The Arizona Department of Health Services announced Thursday that it was denying patient petitions to add depression, Post-Traumatic Stress Disorder, Generalized Anxiety Disorder and migraines to the list of conditions eligible for medical marijuana treatment.
In compliance with the Arizona Medical Marijuana Act, ADHS accepted patient petitions in January, held a public hearing in May and contacted the UA College of Public Health to review scientific studies and determine whether petitioned conditions would be effectively treated with medical marijuana.
After almost seven months of deliberation, ADHS Director Will Humble said in a blog post that his “guiding principle” in choosing to reject the petitions was based in scientific evidence.
ADHS will begin accepting new petitions to add conditions this week.
The Arizona Medical Marijuana Act, or Proposition 203, was approved by voters in November 2010. The Act allows patients suffering from “chronic” or “debilitating” conditions such as cancer, glaucoma, Crohn’s disease or HIV to use medical marijuana as treatment.
The Act also implements a system of caregivers and dispensaries, regulated by ADHS, throughout the state to administer medical marijuana to medical marijuana card-holding patients. Gov. Jan Brewer challenged the Act in May 2011, two days before ADHS was to begin accepting dispensary applications. The lawsuit was dismissed by U.S. District Judge Susan Bolton Jan. 4.
In May, ADHS accepted applications from 486 prospective dispensary owners. The state has 126 Community Health Analysis Areas, each of which will be allowed one ADHS-certified dispensary.
While 99 of the areas had at least one dispensary applicant, 27 had no applicants at all. Between Tempe’s two CHAAs, the city had 12-18 applications. ADHS will randomly select which applicant will be certified in each area on August 7, also called “Selection Tuesday.”
ADHS Office of Inspection and Compliance Chief Harmony Duport said Estrella and North Tempe were the most popular locations for dispensaries in Maricopa County.
Butch Williams, a board of directors member for the Phoenix chapter of the National Organization for the Reform of Marijuana Laws, spoke at the public hearing for petitioned conditions in May.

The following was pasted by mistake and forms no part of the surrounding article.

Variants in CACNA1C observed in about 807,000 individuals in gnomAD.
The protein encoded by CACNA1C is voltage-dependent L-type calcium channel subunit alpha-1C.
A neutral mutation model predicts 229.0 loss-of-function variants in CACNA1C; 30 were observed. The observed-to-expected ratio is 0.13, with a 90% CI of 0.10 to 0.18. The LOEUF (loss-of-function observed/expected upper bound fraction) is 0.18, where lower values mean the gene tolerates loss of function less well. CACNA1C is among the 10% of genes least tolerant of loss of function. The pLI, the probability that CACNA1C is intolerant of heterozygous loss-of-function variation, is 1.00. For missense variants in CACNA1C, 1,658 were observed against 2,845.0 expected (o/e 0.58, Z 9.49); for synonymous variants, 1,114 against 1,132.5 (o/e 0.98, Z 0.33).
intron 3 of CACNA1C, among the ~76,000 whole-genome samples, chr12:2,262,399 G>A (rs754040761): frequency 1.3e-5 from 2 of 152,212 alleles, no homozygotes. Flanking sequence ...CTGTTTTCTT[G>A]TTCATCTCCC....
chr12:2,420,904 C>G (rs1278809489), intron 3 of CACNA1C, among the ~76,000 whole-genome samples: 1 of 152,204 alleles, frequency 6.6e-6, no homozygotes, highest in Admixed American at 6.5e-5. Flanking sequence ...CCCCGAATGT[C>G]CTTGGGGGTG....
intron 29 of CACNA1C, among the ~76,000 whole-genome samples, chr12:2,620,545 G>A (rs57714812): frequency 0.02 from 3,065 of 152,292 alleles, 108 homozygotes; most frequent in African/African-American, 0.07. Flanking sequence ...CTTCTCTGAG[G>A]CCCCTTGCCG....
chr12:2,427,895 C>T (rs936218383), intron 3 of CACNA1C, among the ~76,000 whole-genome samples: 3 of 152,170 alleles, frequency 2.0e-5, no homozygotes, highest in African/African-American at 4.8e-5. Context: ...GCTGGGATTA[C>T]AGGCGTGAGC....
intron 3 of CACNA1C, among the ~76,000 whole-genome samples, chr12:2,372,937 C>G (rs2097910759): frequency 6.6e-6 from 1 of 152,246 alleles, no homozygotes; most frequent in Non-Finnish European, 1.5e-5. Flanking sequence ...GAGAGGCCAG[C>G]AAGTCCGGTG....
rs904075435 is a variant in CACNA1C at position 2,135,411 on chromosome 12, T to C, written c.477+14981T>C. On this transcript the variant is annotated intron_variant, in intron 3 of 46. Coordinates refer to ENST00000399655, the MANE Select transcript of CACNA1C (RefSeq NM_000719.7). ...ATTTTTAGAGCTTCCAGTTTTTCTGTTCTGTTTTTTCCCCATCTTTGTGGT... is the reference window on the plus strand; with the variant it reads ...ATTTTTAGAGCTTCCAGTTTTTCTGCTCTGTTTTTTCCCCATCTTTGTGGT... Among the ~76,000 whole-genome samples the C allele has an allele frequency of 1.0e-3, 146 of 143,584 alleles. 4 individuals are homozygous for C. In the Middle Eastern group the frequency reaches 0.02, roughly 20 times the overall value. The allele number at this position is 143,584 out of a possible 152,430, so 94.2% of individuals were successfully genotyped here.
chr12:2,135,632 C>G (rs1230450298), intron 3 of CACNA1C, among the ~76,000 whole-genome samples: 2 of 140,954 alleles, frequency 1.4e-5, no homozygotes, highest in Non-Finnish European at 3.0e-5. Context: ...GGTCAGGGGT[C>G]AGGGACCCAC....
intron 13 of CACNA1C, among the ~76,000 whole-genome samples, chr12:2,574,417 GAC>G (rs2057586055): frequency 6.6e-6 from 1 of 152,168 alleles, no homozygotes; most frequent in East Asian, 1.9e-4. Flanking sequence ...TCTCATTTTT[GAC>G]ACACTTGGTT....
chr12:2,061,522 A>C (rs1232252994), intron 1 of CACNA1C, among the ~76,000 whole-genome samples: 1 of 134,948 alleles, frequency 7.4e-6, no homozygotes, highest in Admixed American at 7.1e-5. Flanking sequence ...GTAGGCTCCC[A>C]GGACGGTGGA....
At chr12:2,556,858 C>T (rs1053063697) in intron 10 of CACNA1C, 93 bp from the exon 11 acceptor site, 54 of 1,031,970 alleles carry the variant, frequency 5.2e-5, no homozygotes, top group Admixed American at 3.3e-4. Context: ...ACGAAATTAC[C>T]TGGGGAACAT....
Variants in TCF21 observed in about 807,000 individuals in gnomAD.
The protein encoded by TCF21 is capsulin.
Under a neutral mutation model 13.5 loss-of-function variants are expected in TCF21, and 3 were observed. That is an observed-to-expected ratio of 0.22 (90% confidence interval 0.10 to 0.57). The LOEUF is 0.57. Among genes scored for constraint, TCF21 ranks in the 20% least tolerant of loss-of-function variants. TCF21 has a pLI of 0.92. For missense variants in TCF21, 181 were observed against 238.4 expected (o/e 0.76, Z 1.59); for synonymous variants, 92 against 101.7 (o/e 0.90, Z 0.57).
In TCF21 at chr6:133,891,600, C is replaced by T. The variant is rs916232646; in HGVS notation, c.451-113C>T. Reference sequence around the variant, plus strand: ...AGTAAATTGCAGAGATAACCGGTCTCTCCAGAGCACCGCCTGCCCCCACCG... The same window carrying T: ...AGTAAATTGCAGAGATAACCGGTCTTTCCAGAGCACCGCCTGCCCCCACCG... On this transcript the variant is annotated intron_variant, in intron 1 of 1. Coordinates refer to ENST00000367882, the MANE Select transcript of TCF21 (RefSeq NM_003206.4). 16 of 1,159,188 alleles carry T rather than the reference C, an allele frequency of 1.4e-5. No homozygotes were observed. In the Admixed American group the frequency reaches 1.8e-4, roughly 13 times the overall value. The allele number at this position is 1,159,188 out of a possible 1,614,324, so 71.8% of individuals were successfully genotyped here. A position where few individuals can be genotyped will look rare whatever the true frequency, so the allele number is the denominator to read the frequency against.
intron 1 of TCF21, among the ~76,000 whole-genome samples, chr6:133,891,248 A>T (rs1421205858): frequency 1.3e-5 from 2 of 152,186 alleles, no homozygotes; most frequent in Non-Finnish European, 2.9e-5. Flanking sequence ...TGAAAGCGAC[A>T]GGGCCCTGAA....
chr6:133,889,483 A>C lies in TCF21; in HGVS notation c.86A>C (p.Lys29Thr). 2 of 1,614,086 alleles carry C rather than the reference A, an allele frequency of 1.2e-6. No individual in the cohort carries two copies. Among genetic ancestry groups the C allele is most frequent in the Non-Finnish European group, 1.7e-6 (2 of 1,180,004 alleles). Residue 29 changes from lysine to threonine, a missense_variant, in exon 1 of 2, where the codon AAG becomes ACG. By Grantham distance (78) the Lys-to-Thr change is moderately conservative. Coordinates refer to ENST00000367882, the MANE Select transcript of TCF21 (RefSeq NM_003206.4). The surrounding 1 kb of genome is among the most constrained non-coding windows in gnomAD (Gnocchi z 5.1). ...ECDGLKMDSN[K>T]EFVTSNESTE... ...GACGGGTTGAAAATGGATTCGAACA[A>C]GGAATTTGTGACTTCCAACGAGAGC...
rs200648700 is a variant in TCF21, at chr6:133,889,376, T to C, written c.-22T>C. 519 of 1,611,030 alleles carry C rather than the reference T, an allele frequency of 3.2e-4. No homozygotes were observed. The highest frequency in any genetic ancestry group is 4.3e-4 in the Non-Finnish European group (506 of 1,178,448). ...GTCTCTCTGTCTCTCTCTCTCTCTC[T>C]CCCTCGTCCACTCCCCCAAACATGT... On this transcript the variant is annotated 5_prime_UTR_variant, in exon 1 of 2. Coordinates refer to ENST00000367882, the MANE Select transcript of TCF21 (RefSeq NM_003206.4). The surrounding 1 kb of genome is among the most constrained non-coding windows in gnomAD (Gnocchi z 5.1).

Williams said the hearings involved extensive documentation of the benefits of medical marijuana on individuals with conditions such as PTSD, including studies done in Jerusalem.
He said Humble’s decision to reject the petitions was “disheartening,” but that he felt Humble had his hands tied with Arizona’s conservative nature.
“I’m hoping in the future that we’ll have more support from (Arizona) politicians and congressmen to allow a push for scientific studies to ensure what we have here is truly a medicine,” Williams said. “It’s a true medicine, and that is proven.”
Medical marijuana patient and Gilbert resident Mychal Zito, 23, was first advised by his physician to apply for a medical marijuana card to treat chronic pain resulting from stomach ulcers and digestive problems, both of which caused excessive weight loss.
Zito said he disliked taking the pain pills he was originally prescribed because they would make him sick.
In addition to diminishing the pain of his chronic digestive problems, he said medicating has also significantly decreased his previously high anxiety levels.
Because of this, Zito said he hopes Humble reconsiders his decision to reject the recent condition petitions, which included a petition for anxiety disorders.
Zito said he is excited for dispensaries to be certified in August, as the presence of dispensaries will make the Arizona medical marijuana program more accessible to patients such as himself.
He said he currently receives medical marijuana through one of the few home delivery services available throughout the state.
“Having a dispensary will … make me feel like I’m actually a patient,” Zito said. “It’ll be a lot easier for me to access my medication.”
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